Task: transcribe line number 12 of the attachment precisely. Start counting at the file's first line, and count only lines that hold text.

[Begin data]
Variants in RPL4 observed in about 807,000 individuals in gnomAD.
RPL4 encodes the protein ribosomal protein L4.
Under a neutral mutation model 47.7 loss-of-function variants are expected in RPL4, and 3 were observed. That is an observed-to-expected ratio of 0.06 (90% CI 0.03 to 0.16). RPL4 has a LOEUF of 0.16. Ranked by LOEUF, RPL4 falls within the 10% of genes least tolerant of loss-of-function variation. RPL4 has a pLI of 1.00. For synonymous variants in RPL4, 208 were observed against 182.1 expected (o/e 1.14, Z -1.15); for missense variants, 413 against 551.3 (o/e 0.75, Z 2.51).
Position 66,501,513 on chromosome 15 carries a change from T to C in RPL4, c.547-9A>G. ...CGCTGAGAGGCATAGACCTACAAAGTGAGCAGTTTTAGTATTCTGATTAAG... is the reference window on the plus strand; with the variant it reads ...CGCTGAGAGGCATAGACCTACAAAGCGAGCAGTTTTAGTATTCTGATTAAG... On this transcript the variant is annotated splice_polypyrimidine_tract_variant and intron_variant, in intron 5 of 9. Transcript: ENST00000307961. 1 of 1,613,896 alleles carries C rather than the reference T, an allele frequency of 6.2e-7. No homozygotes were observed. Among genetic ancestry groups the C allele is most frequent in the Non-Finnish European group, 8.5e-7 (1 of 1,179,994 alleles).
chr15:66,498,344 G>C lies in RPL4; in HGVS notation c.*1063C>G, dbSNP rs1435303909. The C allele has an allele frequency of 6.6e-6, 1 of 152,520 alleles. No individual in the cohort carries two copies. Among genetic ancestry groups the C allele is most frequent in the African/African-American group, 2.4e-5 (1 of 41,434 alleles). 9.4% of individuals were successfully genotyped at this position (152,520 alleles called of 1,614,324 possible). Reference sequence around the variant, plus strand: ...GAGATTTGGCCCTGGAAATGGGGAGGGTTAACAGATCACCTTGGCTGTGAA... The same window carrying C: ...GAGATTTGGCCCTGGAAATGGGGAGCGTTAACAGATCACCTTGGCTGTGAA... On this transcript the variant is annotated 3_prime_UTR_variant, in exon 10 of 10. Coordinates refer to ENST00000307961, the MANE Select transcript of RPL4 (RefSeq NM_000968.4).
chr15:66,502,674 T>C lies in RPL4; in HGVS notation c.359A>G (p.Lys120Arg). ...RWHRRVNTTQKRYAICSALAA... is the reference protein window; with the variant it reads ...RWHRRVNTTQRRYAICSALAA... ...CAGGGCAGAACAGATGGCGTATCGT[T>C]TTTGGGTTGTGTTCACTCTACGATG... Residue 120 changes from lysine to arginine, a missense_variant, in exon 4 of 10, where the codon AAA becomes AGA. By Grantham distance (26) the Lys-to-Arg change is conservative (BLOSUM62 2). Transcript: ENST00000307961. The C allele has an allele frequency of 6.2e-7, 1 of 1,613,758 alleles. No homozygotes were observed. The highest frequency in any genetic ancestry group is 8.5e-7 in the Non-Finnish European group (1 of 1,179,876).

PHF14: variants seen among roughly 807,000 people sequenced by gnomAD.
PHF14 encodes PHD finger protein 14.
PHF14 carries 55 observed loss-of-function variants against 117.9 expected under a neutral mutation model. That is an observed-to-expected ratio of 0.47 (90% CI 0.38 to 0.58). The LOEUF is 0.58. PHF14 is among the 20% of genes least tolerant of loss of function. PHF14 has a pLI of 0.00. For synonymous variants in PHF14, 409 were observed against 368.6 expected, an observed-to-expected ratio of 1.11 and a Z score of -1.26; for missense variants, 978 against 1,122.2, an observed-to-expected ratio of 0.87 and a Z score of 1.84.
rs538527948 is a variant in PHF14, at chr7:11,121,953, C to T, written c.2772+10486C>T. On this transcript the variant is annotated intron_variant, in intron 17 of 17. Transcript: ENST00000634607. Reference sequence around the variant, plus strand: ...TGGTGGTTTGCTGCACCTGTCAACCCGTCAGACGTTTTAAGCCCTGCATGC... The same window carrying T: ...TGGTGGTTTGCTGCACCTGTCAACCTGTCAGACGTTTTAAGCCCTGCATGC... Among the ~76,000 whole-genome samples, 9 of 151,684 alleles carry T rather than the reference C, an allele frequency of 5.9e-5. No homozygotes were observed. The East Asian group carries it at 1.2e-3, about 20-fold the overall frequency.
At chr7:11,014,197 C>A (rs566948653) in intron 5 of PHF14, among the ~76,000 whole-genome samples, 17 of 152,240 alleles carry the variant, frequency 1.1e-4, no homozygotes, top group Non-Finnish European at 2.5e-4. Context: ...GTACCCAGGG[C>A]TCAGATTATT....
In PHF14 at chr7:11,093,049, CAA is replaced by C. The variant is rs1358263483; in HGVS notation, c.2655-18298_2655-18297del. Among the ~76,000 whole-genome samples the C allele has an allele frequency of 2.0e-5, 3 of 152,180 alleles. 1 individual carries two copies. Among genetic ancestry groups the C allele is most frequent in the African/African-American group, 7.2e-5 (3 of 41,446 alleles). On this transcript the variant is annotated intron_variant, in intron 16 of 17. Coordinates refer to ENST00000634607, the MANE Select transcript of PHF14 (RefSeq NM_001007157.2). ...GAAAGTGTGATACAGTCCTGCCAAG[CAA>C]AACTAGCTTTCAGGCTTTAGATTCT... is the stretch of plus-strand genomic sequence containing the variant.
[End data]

In PHF14 at chr7:11,093,049, CAA is replaced by C. The variant is rs1358263483; in HGVS notation, c.2655-18298_2655-18297del. Among the ~76,000 whole-genome samples the C allele has an allele frequency of 2.0e-5, 3 of 152,180 alleles. 1 individual carries two copies. Among genetic ancestry groups the C allele is most frequent in the African/African-American group, 7.2e-5 (3 of 41,446 alleles). On this transcript the variant is annotated intron_variant, in intron 16 of 17. Coordinates refer to ENST00000634607, the MANE Select transcript of PHF14 (RefSeq NM_001007157.2). ...GAAAGTGTGATACAGTCCTGCCAAG[CAA>C]AACTAGCTTTCAGGCTTTAGATTCT... is the stretch of plus-strand genomic sequence containing the variant.